The corollary of Reuters Rule is to keep visual documents in the "native" format while providing fixed-flow-flock purpose oriented representations.  But there remains a few other challenges before the leap from visual document to visual productivity can begin.  The application and platform specific embedded components - the gears that drive a business process- must be replaced in the native document with Open Web ready alternatives.

Here's an example of the problem, coming out of the 2005 Massachusetts study.  On a widespread daily level, information workers were exchanging spreadsheets and forms as email attachments.  Theses documents were rife with automated data feeds connecting to both local and wan database and data transaction processing systems.  The moment they became "attachments" the information went dead; er went from interactive and dynamic to "static".  Recipients were constantly having to verify the original date and time stamp of the attachments.  Knowing the break point was essential to understanding the value of the documents information.  Verification was so costly, time consuming, and error prone as to render the access and exchange process next to worthless.  

Early on in our analysis of Sam's report, and the volumes of feed back at the studies web site that he analyzed, we realized that a Jabber router could go a long way towards solving the brittle connectivity problem.  Florian Reuter came up with an incredibly innovative solution, but we would have to re jigger the Microsoft Office interface, enabling a special, data connectivity instance of an XML panel to facilitate a Web ready binding.  The MSOffice XML panel wasn't complicated, and we were not sure how long Microsoft would leave this window open once they saw the full range of functionality possible.  But a more basic problem remained; how to connect local and wan data servers to a Jabber or JSON Web Server without upsetting the high priests of the database empires.  It wasn't a technical problem as much as a political one.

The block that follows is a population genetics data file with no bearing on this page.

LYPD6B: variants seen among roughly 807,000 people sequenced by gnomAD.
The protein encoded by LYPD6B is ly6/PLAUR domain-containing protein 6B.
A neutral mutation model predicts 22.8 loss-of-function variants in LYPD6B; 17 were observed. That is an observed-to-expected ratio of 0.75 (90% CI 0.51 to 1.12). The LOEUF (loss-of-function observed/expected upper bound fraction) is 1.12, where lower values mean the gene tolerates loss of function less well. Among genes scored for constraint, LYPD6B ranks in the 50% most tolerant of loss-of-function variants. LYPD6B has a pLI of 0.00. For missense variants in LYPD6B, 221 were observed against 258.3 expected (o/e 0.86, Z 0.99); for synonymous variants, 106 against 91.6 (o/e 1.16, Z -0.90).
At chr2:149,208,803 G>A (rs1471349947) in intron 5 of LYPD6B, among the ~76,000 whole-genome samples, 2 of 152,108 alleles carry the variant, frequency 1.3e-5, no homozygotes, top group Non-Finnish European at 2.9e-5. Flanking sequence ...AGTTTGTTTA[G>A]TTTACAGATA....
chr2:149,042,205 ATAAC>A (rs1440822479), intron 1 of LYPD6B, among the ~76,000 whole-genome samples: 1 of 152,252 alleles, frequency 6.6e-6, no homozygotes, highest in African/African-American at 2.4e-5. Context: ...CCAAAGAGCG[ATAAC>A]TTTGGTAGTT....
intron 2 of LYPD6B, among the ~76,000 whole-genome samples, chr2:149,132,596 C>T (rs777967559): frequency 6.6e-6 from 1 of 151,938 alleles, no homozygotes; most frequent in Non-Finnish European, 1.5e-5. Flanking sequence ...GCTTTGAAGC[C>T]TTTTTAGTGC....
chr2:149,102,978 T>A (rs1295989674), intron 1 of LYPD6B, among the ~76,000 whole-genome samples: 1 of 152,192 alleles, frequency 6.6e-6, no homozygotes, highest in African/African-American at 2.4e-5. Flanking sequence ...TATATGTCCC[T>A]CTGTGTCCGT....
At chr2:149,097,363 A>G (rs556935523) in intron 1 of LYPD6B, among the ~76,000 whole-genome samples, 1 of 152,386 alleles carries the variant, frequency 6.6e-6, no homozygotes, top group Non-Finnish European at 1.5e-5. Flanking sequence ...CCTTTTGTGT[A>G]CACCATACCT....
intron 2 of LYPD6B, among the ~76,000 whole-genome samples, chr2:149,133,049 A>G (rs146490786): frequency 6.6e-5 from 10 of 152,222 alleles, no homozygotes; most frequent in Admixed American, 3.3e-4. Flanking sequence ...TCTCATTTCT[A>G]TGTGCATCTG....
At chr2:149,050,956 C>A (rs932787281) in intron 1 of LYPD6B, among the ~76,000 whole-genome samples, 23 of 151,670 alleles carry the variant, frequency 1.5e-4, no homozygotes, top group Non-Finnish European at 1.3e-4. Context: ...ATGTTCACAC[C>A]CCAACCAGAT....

The thing is, Massachusetts had expectations that Open Web / SOA technology existed or could be created so that the great transition from the legacy Windows productivity platform to the We could begin.  They expected Web ready and fully standardized open formats for Office Suite compound documents.  They expected Web ready productivity systems they could transition to.  They expected to avoid costly rip-out-and-replace.  They expected Web ready open source / open standards based software systems on both client and the server.  They got zip.  

But here we are, near seven years later, discussing whether the language of the Web is going to be the language of the future.  For sure Massachusetts, along with anyone else who had half a brain, assumed this issue had been settled as far back as 1995, when the Web burst onto the scene, promising to obliterate every other platform with it's magic of converged communications, collaborative computation and universal access.  Yet here we are.

Thanks for the interesting post Jeremy - and sorry for the rant.  Getting caught in the grind and stomp of behemoth corporations fighting for the future of computing platform is not pretty.  There are a thousand stories to be told.  I wanted to tell mine, and tell it in this particular HTML5 context, before finally be ground to dust as what "could have been" becomes our collective loss.

Hope all is well,
~ge~